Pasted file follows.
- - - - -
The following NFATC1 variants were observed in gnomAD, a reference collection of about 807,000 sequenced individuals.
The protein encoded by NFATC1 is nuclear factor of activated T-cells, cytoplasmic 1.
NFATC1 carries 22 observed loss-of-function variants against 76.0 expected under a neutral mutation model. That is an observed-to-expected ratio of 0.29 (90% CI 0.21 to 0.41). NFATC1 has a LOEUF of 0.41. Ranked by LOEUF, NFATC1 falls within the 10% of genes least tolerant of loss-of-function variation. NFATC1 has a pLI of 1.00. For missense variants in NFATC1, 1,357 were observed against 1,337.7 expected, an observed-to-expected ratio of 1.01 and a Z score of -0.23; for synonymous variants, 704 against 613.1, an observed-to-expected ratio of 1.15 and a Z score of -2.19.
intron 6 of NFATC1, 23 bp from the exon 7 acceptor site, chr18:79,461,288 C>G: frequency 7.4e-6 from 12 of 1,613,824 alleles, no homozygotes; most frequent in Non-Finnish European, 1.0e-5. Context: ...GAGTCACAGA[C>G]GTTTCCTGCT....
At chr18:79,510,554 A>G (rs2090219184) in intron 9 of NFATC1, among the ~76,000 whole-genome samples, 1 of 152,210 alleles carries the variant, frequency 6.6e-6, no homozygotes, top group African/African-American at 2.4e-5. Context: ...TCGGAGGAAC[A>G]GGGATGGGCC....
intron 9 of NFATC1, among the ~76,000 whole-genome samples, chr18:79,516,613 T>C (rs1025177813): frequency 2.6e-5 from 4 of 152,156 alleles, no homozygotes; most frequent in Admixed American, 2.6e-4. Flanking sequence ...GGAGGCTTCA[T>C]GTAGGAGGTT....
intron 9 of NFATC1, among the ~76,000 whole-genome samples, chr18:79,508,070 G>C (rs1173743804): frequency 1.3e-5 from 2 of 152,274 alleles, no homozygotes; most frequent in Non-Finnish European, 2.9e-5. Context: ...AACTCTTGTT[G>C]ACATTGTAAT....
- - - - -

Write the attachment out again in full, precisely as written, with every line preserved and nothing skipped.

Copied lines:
The following NFATC1 variants were observed in gnomAD, a reference collection of about 807,000 sequenced individuals.
The protein encoded by NFATC1 is nuclear factor of activated T-cells, cytoplasmic 1.
NFATC1 carries 22 observed loss-of-function variants against 76.0 expected under a neutral mutation model. That is an observed-to-expected ratio of 0.29 (90% CI 0.21 to 0.41). NFATC1 has a LOEUF of 0.41. Ranked by LOEUF, NFATC1 falls within the 10% of genes least tolerant of loss-of-function variation. NFATC1 has a pLI of 1.00. For missense variants in NFATC1, 1,357 were observed against 1,337.7 expected, an observed-to-expected ratio of 1.01 and a Z score of -0.23; for synonymous variants, 704 against 613.1, an observed-to-expected ratio of 1.15 and a Z score of -2.19.
intron 6 of NFATC1, 23 bp from the exon 7 acceptor site, chr18:79,461,288 C>G: frequency 7.4e-6 from 12 of 1,613,824 alleles, no homozygotes; most frequent in Non-Finnish European, 1.0e-5. Context: ...GAGTCACAGA[C>G]GTTTCCTGCT....
At chr18:79,510,554 A>G (rs2090219184) in intron 9 of NFATC1, among the ~76,000 whole-genome samples, 1 of 152,210 alleles carries the variant, frequency 6.6e-6, no homozygotes, top group African/African-American at 2.4e-5. Context: ...TCGGAGGAAC[A>G]GGGATGGGCC....
intron 9 of NFATC1, among the ~76,000 whole-genome samples, chr18:79,516,613 T>C (rs1025177813): frequency 2.6e-5 from 4 of 152,156 alleles, no homozygotes; most frequent in Admixed American, 2.6e-4. Flanking sequence ...GGAGGCTTCA[T>C]GTAGGAGGTT....
intron 9 of NFATC1, among the ~76,000 whole-genome samples, chr18:79,508,070 G>C (rs1173743804): frequency 1.3e-5 from 2 of 152,274 alleles, no homozygotes; most frequent in Non-Finnish European, 2.9e-5. Context: ...AACTCTTGTT[G>C]ACATTGTAAT....